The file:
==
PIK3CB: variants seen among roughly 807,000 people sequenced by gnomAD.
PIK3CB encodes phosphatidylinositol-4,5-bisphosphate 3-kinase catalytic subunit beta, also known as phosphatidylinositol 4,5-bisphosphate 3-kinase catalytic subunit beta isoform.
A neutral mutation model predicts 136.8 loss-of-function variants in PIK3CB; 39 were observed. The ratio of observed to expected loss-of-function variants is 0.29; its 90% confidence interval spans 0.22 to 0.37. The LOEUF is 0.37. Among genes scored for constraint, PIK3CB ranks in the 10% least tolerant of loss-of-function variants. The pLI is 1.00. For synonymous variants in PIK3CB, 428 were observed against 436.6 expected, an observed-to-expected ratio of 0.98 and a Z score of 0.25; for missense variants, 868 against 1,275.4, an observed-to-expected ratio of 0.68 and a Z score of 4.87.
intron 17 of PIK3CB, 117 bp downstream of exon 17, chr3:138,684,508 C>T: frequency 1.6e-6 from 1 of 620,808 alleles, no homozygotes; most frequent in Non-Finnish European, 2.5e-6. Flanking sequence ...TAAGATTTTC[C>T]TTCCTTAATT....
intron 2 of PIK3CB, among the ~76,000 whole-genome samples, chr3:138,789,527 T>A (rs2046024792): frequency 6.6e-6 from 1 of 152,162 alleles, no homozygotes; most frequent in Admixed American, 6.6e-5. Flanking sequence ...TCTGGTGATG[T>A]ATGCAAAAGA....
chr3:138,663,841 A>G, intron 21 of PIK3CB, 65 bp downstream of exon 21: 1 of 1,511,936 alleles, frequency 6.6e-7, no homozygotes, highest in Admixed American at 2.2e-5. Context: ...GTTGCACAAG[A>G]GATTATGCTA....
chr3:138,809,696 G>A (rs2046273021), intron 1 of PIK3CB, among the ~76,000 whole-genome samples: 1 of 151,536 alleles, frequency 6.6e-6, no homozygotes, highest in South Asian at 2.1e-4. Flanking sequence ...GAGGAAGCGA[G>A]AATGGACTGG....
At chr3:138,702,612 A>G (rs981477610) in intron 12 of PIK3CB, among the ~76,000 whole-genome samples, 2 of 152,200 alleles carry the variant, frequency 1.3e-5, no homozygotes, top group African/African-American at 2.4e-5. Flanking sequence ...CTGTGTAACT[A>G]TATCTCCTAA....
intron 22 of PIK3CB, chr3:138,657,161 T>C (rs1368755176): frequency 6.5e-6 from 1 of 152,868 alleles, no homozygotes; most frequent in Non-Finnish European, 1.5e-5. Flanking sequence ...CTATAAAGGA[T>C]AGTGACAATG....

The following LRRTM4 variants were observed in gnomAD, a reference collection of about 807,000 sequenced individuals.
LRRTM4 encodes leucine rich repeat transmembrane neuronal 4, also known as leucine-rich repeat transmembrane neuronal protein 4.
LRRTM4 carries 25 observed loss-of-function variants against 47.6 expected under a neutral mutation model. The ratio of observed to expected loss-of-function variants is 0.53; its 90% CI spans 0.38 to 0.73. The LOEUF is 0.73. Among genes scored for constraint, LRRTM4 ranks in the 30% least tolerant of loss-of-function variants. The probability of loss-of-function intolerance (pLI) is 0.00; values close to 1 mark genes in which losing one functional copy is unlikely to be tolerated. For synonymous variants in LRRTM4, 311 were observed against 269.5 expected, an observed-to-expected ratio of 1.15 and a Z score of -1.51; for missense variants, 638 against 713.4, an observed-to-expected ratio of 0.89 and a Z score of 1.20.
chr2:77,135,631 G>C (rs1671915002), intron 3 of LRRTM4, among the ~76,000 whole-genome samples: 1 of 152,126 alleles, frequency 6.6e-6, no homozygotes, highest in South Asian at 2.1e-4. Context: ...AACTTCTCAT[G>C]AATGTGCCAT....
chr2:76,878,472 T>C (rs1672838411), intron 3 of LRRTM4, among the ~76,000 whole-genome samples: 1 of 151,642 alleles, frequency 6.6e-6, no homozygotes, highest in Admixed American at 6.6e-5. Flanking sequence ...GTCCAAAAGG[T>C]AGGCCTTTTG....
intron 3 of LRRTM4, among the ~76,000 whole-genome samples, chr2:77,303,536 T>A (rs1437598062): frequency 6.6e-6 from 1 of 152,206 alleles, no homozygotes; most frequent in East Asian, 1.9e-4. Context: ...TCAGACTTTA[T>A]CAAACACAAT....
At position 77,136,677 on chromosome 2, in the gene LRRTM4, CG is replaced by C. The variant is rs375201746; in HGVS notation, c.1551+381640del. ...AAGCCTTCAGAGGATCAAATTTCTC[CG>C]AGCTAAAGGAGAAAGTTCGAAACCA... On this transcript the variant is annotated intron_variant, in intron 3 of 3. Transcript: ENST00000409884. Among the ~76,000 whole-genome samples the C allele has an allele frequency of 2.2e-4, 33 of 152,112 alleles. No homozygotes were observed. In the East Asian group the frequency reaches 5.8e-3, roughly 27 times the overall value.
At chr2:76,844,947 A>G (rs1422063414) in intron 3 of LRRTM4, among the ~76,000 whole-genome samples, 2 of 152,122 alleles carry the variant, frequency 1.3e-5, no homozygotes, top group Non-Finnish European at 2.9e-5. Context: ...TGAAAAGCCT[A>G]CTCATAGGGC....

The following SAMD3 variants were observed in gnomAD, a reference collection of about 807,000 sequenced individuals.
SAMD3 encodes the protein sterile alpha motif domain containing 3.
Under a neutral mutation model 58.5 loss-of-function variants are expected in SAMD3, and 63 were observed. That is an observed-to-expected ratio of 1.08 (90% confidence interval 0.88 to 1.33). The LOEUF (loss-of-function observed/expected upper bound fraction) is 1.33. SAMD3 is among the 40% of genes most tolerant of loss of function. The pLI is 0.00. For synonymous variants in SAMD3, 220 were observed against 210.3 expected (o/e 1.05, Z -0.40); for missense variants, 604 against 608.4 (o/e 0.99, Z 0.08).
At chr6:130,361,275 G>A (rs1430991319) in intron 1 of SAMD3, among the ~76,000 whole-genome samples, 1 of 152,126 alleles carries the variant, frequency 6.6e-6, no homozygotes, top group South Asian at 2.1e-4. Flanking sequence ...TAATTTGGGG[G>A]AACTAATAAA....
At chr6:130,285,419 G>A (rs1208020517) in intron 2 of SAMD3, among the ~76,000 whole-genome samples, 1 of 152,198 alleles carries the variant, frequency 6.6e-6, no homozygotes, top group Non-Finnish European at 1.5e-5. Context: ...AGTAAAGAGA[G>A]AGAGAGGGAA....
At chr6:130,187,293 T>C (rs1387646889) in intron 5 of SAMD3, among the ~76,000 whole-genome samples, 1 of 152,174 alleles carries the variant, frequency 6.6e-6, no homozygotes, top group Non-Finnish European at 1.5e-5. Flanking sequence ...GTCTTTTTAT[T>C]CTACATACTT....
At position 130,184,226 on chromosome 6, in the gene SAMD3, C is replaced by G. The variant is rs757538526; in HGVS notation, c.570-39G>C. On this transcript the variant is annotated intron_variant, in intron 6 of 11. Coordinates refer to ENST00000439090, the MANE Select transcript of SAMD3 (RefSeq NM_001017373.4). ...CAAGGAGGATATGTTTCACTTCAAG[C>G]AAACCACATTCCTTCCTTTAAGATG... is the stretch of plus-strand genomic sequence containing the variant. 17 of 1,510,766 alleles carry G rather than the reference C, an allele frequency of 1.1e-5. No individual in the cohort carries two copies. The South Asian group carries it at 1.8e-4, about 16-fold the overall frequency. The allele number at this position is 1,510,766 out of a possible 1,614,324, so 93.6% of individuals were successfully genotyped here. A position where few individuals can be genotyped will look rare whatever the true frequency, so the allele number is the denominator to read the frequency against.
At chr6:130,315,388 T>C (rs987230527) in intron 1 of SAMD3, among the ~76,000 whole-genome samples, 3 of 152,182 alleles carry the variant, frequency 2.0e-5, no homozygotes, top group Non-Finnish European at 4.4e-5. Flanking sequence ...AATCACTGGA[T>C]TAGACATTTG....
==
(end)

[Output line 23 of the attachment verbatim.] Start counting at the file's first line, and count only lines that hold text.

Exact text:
At chr6:130,187,293 T>C (rs1387646889) in intron 5 of SAMD3, among the ~76,000 whole-genome samples, 1 of 152,174 alleles carries the variant, frequency 6.6e-6, no homozygotes, top group Non-Finnish European at 1.5e-5. Flanking sequence ...GTCTTTTTAT[T>C]CTACATACTT....